• Patients with autoimmune diseases or utilizing immunosuppressant medications: As quoted from the AAAAI “Although concern about the safety of allergen immunotherapy in patients with autoimmune disorders has been raised in the past, there is no substantive evidence that such treatment is harmful in patients with these diseases.” Due to the variation in these different disease states and individual patient situations, it is recommended the benefits and risks are assessed on an individual basis. When a patient is utilizing an immunosuppressant medication there are theoretical concerns that immunotherapy’s benefit could be lessened, however there is no overarching body of evidence in literature that provides clear evidence of this regard. The best guidance I can provide for the ordering provider is to have full transparency with the patient regarding the theoretical concern of decreased efficacy of IT and considering holding immunotherapy during active exacerbations of autoimmune diseases.
  • Uncontrolled asthma/severe asthma/severe COPD: The group of patients with the highest risk of severe reactions to allergy testing or allergen immunotherapy are asthmatics, particularly those that have uncontrolled or severe asthma. This can apply to anyone with impairment, obstruction, or restriction of their airways. To protect against a negative outcome of a severe systemic reaction it is strongly recommended providers do not test, initiate immunotherapy, or continue immunotherapy while a patient is in a compromised respiratory state.
  • Eosinophilic Esophagitis (EoE) or Gastroenteritis: This is a concern that applies to sublingual immunotherapy ONLY and does not pertain to subcutaneous immunotherapy.  In sublingual immunotherapy, the allergen is swallowed and has direct contact with the esophagus. Swallowed food, and an allergic response to the food or allergen is presumed to be important in the development or worsening of EoE. Therefore, it is thought that exposure of an aeroallergen with the esophagus can produce the same effects. Package inserts for the FDA approved SLIT tablets indicate that eosinophilic esophagitis is a contraindication for use.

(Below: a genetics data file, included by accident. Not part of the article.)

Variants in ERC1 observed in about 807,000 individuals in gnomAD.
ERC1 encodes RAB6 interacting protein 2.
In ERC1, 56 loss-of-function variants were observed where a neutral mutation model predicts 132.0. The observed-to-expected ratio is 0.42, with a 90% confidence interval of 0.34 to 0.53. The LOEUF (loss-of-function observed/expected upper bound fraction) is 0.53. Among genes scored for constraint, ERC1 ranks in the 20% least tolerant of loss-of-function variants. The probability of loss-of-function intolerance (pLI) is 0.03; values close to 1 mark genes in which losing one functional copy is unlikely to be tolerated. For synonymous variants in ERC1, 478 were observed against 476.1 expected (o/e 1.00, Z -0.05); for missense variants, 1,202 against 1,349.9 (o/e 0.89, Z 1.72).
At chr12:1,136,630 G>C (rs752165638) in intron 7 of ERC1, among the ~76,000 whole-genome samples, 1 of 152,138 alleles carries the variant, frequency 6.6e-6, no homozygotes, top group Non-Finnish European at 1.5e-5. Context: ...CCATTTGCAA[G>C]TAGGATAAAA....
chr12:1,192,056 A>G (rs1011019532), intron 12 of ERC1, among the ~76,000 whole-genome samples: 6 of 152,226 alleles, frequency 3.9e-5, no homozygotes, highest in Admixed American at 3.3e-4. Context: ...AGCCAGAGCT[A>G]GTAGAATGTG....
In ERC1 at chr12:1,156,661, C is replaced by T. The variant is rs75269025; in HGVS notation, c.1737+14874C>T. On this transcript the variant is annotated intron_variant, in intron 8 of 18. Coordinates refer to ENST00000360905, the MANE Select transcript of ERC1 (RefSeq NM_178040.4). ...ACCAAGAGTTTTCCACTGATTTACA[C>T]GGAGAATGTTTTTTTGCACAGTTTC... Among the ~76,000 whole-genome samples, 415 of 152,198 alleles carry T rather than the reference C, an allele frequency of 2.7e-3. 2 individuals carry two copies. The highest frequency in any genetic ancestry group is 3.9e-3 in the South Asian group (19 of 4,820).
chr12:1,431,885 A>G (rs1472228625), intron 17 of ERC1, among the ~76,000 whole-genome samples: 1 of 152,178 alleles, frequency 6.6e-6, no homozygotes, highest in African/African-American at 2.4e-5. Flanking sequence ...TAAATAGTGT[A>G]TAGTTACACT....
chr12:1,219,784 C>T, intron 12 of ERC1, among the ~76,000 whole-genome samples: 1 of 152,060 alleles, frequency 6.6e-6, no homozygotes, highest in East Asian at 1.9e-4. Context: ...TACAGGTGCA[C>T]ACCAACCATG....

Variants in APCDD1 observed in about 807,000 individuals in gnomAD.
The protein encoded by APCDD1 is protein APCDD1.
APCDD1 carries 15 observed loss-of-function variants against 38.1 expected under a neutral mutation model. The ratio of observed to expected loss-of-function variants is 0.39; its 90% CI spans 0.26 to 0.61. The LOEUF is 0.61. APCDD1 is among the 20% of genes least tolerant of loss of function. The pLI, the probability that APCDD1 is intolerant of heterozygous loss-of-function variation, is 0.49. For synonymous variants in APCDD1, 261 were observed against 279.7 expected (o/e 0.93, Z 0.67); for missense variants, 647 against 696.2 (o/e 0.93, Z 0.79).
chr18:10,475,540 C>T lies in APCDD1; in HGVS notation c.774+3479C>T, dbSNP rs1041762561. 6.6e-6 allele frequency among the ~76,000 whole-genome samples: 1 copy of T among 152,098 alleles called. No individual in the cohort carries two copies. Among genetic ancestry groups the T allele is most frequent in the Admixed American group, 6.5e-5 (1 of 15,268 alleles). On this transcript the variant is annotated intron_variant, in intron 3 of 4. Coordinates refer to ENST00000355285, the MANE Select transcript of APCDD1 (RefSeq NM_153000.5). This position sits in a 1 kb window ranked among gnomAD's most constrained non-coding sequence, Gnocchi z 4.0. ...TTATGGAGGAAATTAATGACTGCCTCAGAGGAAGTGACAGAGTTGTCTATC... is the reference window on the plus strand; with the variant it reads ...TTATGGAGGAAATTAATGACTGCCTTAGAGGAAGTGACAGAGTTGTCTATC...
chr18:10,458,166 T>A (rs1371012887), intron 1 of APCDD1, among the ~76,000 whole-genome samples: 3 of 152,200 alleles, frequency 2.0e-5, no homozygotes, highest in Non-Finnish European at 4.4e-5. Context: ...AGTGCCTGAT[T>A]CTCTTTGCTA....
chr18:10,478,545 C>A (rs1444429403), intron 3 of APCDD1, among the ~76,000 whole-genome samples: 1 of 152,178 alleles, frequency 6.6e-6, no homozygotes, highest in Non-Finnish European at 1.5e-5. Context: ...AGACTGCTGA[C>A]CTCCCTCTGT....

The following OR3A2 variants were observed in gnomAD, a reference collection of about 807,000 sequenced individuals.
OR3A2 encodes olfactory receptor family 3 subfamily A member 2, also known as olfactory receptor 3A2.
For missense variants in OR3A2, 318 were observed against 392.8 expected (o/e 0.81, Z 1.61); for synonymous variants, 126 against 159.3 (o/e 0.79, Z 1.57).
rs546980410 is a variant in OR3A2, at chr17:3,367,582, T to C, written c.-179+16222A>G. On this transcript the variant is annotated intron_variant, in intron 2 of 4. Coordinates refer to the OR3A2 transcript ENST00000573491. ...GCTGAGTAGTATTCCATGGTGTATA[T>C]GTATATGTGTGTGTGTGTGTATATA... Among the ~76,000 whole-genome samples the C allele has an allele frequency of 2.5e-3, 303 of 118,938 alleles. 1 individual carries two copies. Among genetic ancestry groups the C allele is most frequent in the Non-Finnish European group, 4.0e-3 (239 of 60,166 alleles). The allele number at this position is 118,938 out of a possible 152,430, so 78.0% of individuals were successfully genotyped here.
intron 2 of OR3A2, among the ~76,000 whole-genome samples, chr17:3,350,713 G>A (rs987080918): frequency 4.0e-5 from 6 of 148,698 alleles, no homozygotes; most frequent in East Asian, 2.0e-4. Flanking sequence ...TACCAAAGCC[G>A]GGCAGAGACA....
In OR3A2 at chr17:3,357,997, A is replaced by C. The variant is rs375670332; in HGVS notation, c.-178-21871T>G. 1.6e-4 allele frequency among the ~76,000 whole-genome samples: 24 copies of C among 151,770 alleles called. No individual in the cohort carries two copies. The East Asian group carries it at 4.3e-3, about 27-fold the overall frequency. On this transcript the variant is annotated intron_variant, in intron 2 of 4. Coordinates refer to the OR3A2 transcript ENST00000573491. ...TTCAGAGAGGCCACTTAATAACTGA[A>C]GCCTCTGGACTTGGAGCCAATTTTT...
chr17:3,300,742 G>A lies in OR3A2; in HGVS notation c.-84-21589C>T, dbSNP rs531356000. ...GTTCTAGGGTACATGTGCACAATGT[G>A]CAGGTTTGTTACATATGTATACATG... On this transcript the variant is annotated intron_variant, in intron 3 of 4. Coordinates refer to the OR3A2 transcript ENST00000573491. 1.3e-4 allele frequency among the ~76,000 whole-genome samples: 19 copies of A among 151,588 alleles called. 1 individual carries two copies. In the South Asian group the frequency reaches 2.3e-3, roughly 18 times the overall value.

• Inability to communicate: Patients undergoing allergy testing or allergen immunotherapy need to possess the ability to both mentally and physically participate in their diagnostic and/or treatment plan. The ability to clearly express and communicate active symptoms is crucial should an adverse reaction occur. Patients also need to possess the mental ability to understand the procedure or treatment ordered for them, be cooperative during the process, and understand the importance of their compliance.

Safety & Efficacy

United Allergy Services believes in appropriate patient selection (taking into consideration relative and absolute contraindications), doses building in a low, slow deliberate manner, and treatment in compliance with the relevant standards of practice guidelines. The proven safety results and efficacy of the self-administered subcutaneous immunotherapy protocol developed by United Allergy Services is based on a pre-selection of low-risk patients. If there are additional questions or any additional information requested, please contact the Clinical Support Team. We are here to support providers and provide guidance as they provide excellent allergy care to their patients.

Amanda Hofmann, MPAS, PA-C, is a graduate of Duquesne University, in Pittsburgh, PA. After spending 8 years in clinical practice, she joined United Allergy Services where she is currently the Vice President of Clinical. Amanda is also the past president of the Association of PAs in Allergy, Asthma, and Immunology.